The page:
From the time the Royal Thai Armed Forces launched a coup d’état in May 2014 and Thailand’s reinstated military government embarked on an ambitious program to invigorate the country’s economy, numerous proposals have emerged to develop Thailand’s infrastructure, and especially, its inland transportation systems. Development of Thailand’s inland transportation systems is expected to improve the country’s logistics capabilities and help maintain a competitive advantage among the other ASEAN Member States.
In view of the perceived advantage of developing Thailand’s inland transportation systems, efforts are already underway to integrate Thailand’s four main transportation platforms—i.e., rail, air, road, and water—both within the country and with neighboring countries. The integration is set to be implemented over an eight-year period and is estimated to have an investment value of THB 2.4 trillion.
Public infrastructure projects are normally financed by the private sector, rather than through the government’s limited budget. It is, however, a challenge to attract public investors to invest in such fixed-revenue generating assets, as opposed to other conventional securities. With this challenge in mind, a greater degree of sophistication has been employed, as of late, to adequately raise funds for these projects in the capital market.
The Securities and Exchange Commission (SEC), as the principal regulator in the capital market, periodically develops and launches new investment vehicles for investors, while meeting the demand of infrastructure owners. In November 2014, the SEC announced that it was contemplating new regulations, promulgated by the Capital Market Supervisory Board, which would introduce one such new investment vehicle: the “Infrastructure Trust” (IFT). The IFT would be introduced into the market as an alternative fundraising channel for domestic and overseas infrastructure development and is expected to be officially launched in early 2015.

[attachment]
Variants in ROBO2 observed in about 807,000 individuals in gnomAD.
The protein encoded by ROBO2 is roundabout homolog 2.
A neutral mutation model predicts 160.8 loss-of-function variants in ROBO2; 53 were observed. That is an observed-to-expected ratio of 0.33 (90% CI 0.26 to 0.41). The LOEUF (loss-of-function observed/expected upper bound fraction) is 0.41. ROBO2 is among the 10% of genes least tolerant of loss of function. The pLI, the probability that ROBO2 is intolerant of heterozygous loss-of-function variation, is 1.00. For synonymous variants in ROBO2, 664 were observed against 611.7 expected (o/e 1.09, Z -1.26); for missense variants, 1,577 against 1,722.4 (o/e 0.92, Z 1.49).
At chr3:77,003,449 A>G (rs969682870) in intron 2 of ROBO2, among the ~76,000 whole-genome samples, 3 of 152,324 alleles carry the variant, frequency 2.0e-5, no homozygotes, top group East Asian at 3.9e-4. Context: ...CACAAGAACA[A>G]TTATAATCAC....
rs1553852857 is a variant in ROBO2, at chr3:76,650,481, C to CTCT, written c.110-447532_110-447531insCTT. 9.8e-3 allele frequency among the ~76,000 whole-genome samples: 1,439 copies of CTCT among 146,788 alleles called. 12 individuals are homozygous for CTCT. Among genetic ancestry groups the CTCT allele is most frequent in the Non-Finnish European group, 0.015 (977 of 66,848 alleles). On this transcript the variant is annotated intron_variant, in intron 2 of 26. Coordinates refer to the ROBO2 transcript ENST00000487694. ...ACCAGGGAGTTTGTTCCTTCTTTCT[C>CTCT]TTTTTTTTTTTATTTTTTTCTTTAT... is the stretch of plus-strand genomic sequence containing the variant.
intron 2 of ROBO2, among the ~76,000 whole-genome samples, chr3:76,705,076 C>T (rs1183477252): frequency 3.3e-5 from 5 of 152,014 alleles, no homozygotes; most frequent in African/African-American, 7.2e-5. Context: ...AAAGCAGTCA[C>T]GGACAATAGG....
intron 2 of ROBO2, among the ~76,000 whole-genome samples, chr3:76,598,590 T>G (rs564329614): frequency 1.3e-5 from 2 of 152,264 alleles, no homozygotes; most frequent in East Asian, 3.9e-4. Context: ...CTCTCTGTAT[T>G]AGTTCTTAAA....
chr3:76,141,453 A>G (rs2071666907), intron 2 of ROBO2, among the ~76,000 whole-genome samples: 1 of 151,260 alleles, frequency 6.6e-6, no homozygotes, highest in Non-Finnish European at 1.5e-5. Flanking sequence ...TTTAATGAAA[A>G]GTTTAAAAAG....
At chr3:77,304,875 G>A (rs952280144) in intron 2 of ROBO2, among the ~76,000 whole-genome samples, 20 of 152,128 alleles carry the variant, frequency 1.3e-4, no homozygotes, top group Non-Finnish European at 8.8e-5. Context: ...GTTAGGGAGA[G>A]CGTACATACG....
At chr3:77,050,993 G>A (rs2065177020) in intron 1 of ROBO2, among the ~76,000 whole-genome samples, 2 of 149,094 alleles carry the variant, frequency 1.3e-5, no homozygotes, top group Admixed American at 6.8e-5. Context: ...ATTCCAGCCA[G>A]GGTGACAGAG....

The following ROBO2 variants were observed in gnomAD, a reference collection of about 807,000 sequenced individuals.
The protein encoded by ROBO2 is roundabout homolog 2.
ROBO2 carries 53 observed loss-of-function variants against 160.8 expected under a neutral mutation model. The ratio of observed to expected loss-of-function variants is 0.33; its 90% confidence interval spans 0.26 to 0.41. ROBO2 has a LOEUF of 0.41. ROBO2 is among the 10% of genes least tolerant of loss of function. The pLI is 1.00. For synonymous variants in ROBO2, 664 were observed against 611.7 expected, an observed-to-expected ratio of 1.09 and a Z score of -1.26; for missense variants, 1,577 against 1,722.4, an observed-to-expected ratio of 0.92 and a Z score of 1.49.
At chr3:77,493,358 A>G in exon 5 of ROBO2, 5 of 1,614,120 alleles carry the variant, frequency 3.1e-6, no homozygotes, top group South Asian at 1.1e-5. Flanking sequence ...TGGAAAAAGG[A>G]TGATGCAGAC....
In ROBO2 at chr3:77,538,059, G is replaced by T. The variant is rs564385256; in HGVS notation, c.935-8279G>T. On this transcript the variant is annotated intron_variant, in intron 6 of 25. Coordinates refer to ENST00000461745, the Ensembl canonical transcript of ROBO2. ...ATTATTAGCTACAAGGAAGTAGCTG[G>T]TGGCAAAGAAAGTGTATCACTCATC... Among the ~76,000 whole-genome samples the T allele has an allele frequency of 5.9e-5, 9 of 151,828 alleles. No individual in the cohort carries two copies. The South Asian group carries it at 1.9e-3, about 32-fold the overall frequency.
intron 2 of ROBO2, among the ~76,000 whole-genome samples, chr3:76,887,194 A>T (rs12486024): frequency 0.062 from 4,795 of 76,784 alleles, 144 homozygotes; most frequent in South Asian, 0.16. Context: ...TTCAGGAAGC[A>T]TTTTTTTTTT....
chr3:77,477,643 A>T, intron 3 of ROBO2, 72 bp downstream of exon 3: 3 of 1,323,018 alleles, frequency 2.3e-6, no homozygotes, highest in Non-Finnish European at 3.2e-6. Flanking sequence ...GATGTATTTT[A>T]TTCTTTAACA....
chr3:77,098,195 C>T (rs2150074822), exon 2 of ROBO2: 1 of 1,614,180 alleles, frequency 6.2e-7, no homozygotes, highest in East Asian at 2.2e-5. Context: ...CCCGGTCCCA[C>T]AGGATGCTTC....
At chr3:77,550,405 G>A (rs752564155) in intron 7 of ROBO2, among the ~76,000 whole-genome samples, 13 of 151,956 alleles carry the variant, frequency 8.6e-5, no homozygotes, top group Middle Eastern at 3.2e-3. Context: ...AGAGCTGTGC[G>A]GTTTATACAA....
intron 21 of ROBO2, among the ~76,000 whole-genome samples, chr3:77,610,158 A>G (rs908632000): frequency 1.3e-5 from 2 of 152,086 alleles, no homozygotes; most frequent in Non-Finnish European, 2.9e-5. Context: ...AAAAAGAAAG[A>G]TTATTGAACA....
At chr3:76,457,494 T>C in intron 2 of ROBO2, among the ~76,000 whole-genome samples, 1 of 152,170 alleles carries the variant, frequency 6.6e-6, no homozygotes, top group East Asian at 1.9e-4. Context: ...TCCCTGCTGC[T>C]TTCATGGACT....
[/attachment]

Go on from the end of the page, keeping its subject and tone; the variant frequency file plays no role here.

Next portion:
The IFT is not a completely new concept, but is, in fact, a hybrid of the preexisting “Infrastructure Fund” (IFF) and “Real Estate Investment Trust” (REIT). The IFT will serve the same purpose as an IFF, but will have the advantages of a trust, which a mutual fund lacks. One of the main differences between the IFT and the IFF is that an IFT can facilitate overseas investment in the following infrastructure project areas:
By contrast, an IFF does not allow for outbound investment. In an effort to stimulate investment from foreign infrastructure owners, the SEC will ease its restrictions on foreign corporations seeking to raise funds for their infrastructure projects by allowing them to set up an IFT and offer it via a Thai underwriter.
Another difference between an IFT and an IFF is that an IFF is limited to funding public infrastructure projects that are deemed beneficial to Thailand. The new IFT is not subject to such a restriction. An IFT is able to fund multiple public and non-public infrastructure projects, but each project must hold a value of at least THB 3 billion.
Similar to an REIT, an IFT is governed by the Trust for Transactions in Capital Market Act B.E. 2550 (2007), which stipulates that a trust is not recognized as a juristic person under the Civil and Commercial Code, but rather, as a separate “piece of property” managed by the trustee for the benefit of the beneficiary/trust unit holder. The entities eligible to undertake a trustee business are limited to:
An IFT, by its structure, would create more flexibility for infrastructure developers/owners and investors, compared to mutual funds or an IFF, as the draft IFT regulations are expected to allow IFTs to reinvest in the same project or borrow loans and/or incur encumbrances, including putting up property as collateral.
Although the full details of the draft IFT regulations have not yet been disclosed, it is expected that IFTs will allow for investment in onshore and offshore infrastructure projects through making direct freehold or leasehold investments in an infrastructure project, revenue-sharing agreements, or indirect investment in property holding company stocks. The minimum value of a project, as required by the SEC, is THB 10 billion. If IFT certificates are publicly offered to retail investors, 70% of its investment in a project must be derived from commercial revenue and the unit must be listed on the Stock Exchange of Thailand thereafter—otherwise, IFT certificates could be offered exclusively to investors who can commit more than THB 10 million.
The only disadvantage appears to be that an IFT certificate holder is still obligated to pay Personal Income Tax (PIT) on the benefits received from an IFT, while the IFF unit holder will enjoy a PIT exemption of 10 years.
IFTs are a smart choice for both domestic and overseas infrastructure developers who wish to raise funds in the Thai capital market. Whether the fundamental incentives, as provided by the SEC, will appeal to Thai investors will soon be seen.